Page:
FOTH: Did the jockeys get you good after the race and did you know that was coming?

AY: Oh my god. I drove up with Jeovani Garcia cause my navigation broke and I didn't know how to get there and he was also riding that day so we went together and he was the first one waiting for me along with my valet and Orlando Boccachica got me and a few others. I was freaking out cause it was so freezing. They got me good though.

FOTH: What tracks have you ridden at besides Charlestown and obviously Phila Park now lol?

AY: The Meadowlands, Laurel Park, and the other two tracks you mentioned.

FOTH: How long would you like to ride for?

AY: For as long as I can.

FOTH: You have been riding at Charlestown a lot lately. Do you have to change your riding style at all riding there as opposed to riding at say Laurel or The Meadowlands?

AY: No, to me it is the same thing. A lot of people from Laurel, they say "why do you want to ride at Charlestown, it is dangerous," but to me it the same thing. It is a dirt track and your turning left and there is a bunch of horses. They have been there before and they know what they have to do. It is nothing different except the turns are a little tighter. I don't think it is a big deal at all.

FOTH: I know you spent the summer of 2009 galloping horses up at Monmouth Park. What do you remember most about that time?

AY: Does it have to be a good or bad thing?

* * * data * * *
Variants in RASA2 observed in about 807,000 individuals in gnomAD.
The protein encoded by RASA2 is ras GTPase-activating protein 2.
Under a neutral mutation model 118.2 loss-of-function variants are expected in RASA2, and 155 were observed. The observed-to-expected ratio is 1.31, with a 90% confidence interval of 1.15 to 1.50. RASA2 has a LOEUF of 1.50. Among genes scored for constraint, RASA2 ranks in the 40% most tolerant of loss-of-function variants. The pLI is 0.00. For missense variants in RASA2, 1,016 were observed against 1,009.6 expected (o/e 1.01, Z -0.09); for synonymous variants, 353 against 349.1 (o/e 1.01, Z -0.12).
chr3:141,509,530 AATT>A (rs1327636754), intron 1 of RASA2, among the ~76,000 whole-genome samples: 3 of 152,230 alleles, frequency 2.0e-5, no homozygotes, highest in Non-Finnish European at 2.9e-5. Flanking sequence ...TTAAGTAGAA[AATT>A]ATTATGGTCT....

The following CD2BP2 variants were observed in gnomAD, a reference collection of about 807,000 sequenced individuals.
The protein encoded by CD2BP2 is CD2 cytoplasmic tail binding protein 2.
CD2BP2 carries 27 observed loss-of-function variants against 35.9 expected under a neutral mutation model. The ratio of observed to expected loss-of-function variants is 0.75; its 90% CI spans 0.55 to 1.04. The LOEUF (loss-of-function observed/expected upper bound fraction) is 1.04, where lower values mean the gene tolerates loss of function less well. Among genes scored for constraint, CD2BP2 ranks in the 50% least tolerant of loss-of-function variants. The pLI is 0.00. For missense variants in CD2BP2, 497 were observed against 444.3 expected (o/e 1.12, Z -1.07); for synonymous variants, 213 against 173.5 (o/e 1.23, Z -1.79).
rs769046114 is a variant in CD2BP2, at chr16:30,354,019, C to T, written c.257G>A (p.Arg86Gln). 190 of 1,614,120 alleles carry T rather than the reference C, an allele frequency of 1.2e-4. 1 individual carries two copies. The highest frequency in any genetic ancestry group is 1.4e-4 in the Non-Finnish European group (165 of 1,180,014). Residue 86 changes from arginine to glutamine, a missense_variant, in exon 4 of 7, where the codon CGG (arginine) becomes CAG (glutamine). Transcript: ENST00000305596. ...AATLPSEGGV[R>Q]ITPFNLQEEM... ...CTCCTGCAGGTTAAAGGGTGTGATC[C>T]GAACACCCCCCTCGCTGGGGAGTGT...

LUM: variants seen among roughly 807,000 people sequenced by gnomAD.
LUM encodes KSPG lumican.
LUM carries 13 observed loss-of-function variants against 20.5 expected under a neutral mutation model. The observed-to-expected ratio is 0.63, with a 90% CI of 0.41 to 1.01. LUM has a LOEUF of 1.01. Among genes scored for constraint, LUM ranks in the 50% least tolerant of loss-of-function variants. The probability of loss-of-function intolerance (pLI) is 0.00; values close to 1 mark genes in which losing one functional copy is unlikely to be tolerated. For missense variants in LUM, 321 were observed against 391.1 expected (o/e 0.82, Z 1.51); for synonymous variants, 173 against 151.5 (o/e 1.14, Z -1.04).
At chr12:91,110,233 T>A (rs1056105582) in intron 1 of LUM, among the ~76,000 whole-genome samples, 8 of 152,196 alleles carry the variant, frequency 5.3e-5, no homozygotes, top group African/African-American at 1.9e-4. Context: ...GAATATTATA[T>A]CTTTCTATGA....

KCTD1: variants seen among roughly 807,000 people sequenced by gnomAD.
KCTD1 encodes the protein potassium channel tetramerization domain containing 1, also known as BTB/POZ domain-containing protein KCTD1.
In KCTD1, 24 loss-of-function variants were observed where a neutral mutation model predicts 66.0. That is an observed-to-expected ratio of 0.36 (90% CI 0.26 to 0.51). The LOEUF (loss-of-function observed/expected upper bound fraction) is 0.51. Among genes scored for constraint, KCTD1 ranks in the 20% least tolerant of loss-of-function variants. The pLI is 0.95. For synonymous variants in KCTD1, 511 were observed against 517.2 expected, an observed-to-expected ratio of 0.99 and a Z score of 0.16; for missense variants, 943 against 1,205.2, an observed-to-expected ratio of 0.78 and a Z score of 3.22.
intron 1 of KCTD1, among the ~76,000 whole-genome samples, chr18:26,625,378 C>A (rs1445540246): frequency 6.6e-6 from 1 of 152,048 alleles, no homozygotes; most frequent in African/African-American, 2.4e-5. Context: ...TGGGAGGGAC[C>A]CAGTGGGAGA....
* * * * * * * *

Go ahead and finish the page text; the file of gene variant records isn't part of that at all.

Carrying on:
FOTH: Whatever you wish.

AY: My favorite horse broke down. A horse I galloped for Steve Demario. I loved that horse. Me and him bonded so well and he actually came here (Phila Park) and Frankie (Pennington) rode him. I think he finished 3rd on him in an allowance race. I was pretty happy about that. He was a problem horse and they had a lot of problems with him, like he would flip over in the paddock and since I got on him he stopped doing that. Dutrow claimed him and in his next start, which was the last day of the Monmouth Park meet he broke down.

FOTH: Any funny jockey stories to tell and you can name names or not if you don't want to?

AY: Oh I will name names. (we both laugh big time). At The Meadowlands we always played jokes on each other, none of the other girls get involved in any of the pranks, but I do and I have fun with it. The 2 main people I always fooled around with were Joe Bravo and Paco Lopez. One day I am sleeping on the couch in the Common Room and I hear everybody laughing and I get up and there is Paco Lopez with a thing of mustard in his hand and I touch my butt and I had mustard all over my butt. I chased him all the way in the boy's room. I was gonna kill him. So I was like, you ride in the 9th race and I know where your car is. So I took a roll of caution tape and a took some wax and it was raining out and I waxed his whole windshield and he couldn't open his car up cause I cautioned tape his entire car closed on the top and all around the sides. (we both laugh).

FOTH: Have you ever brought in a 99-1 shot or more yet?

AY: As far as odds go, I don't look at odds as I don't ride the odds, I ride the horse. I really don't even pay attention to that.

FOTH: Describe a bit what it is like riding at Charlestown and Laurel?